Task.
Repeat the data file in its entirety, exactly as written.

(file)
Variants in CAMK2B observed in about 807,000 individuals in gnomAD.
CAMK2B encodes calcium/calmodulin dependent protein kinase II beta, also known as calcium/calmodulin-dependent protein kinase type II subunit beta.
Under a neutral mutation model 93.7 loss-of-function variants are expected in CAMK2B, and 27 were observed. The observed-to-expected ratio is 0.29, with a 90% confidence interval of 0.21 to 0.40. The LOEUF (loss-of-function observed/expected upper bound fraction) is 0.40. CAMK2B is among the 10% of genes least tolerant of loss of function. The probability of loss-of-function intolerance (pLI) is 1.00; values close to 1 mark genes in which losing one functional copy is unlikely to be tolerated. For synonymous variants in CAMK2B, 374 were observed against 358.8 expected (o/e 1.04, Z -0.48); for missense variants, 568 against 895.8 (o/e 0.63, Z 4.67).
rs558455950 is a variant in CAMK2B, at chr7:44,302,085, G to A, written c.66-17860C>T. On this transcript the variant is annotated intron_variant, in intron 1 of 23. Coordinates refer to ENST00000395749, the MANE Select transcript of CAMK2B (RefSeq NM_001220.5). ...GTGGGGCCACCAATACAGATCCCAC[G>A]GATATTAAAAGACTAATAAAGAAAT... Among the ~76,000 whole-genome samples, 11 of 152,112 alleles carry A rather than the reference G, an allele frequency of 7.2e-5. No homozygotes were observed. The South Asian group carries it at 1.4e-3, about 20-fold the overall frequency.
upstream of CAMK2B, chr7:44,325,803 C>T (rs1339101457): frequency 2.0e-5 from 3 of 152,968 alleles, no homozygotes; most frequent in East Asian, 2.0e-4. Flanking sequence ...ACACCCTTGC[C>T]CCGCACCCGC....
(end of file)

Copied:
Variants in CAMK2B observed in about 807,000 individuals in gnomAD.
CAMK2B encodes calcium/calmodulin dependent protein kinase II beta, also known as calcium/calmodulin-dependent protein kinase type II subunit beta.
Under a neutral mutation model 93.7 loss-of-function variants are expected in CAMK2B, and 27 were observed. The observed-to-expected ratio is 0.29, with a 90% confidence interval of 0.21 to 0.40. The LOEUF (loss-of-function observed/expected upper bound fraction) is 0.40. CAMK2B is among the 10% of genes least tolerant of loss of function. The probability of loss-of-function intolerance (pLI) is 1.00; values close to 1 mark genes in which losing one functional copy is unlikely to be tolerated. For synonymous variants in CAMK2B, 374 were observed against 358.8 expected (o/e 1.04, Z -0.48); for missense variants, 568 against 895.8 (o/e 0.63, Z 4.67).
rs558455950 is a variant in CAMK2B, at chr7:44,302,085, G to A, written c.66-17860C>T. On this transcript the variant is annotated intron_variant, in intron 1 of 23. Coordinates refer to ENST00000395749, the MANE Select transcript of CAMK2B (RefSeq NM_001220.5). ...GTGGGGCCACCAATACAGATCCCAC[G>A]GATATTAAAAGACTAATAAAGAAAT... Among the ~76,000 whole-genome samples, 11 of 152,112 alleles carry A rather than the reference G, an allele frequency of 7.2e-5. No homozygotes were observed. The South Asian group carries it at 1.4e-3, about 20-fold the overall frequency.
upstream of CAMK2B, chr7:44,325,803 C>T (rs1339101457): frequency 2.0e-5 from 3 of 152,968 alleles, no homozygotes; most frequent in East Asian, 2.0e-4. Flanking sequence ...ACACCCTTGC[C>T]CCGCACCCGC....